As of the 2014 census, the population of the United States was 318.9 million people. 50.4% of those people are female—that’s 160.7 million women. We learned that per 1,000 women aged 15-44 there were 62.9 births. Ergo, there were approximately 10,108,030 pregnant women in America during the year 2014. That’s over ten million women who are experiencing intense constipation, indigestion, nausea, and heartburn within a single year. While pregnancy isn’t exactly an illness, it causes the exact same symptoms as conditions like Crohn’s Disease and Acid Reflux. This week, we will focus on digestion and pregnancy. Why does the gut go berserk during pregnancy, and what can you do to calm it down?
Why do I feel this way?
In a word, progesterone. Progesterone is the hormone secreted in the ovaries and released during the menstrual cycle and pregnancy. One of its jobs is to relax your muscles. This includes the smoothing down of muscles in your digestive tract, which then results in slow digestion will causes both digestive issues and the sluggish absorption of nutrients.
Common digestive issues in pregnancy and what to do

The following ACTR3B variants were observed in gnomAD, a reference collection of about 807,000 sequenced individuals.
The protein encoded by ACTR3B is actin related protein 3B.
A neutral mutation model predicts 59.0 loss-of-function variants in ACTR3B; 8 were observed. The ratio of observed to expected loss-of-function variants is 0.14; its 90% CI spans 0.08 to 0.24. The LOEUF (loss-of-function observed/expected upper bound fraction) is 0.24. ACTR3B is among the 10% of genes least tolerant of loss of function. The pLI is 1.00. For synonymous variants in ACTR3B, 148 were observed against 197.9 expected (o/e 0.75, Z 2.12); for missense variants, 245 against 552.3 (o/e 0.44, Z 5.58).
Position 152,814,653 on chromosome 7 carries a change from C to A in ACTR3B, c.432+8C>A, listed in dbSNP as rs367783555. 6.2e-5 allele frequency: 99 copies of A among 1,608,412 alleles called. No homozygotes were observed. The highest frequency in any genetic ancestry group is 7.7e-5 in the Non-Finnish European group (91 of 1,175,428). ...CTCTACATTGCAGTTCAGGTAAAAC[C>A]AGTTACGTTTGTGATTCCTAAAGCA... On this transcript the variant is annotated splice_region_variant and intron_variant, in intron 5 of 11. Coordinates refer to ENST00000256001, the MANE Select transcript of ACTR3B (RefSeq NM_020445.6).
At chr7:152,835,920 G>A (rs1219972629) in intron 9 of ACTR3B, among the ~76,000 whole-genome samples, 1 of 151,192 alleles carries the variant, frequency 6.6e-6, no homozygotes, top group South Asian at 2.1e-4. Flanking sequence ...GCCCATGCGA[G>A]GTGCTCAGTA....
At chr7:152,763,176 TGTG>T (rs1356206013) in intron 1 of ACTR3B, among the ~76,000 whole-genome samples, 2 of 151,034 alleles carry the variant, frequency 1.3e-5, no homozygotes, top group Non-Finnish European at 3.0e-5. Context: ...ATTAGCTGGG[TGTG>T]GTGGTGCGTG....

Nausea and vomiting
Between fifty and ninety percent of women will experience nausea and vomiting during pregnancy. Nausea and vomiting are classic culprits of the first trimester. The causes range from a heightened sensitivity to smell and increase in hormones to a more sensitive gut. Here’s what you can do according to the
- Eat several small meals throughout the day
- Eat bland foods like crackers and plain potatoes
- Taking Vitamin B6 is proven to help with morning sickness
- Eat or smell ginger and/or lemons
Gas, bloating, and constipation
In the beginning of pregnancy, progesterone will relax the muscles and slow digestion. Later in pregnancy, the enlarged uterus crowds the intestines, which further decreases the speed of digestion. This will make you feel bloated, gassy, and constipated. The best ways to deal with gas, bloat, and constipation during pregnancy are:
- Adjusting your diet
- Eating small meals throughout the day rather than eating three large meals
- Avoid carbonated drinks, gum, and hard candies
- Sit with good posture while you’re eating and try not to talk too much
- Get a little exercise!
The cause and effects of heartburn are extremely similar to those of gas and bloating in pregnancy. Your body is slowing down because there is so much new going on. Again, the relaxing of muscles in your digestive tract slows digestion and causes gas, which is the cause of heart burn. Here are some tips on how to prevent heartburn during pregnancy:
- Eat small, frequent meals
- Reduce stress by talking with a friend
- Wear loose-fitting clothing
- Again, adjust your diet so you are conscious of gas-inducing foods and habits
Congratulations! You’re pregnant! (Or, someone you’re close to is!) Pregnancy is definitely one of the more positive digestive issues, and we are happy to work with you and your obstetrician to answer your questions and find healthful, effective methods to alleviate your discomfort.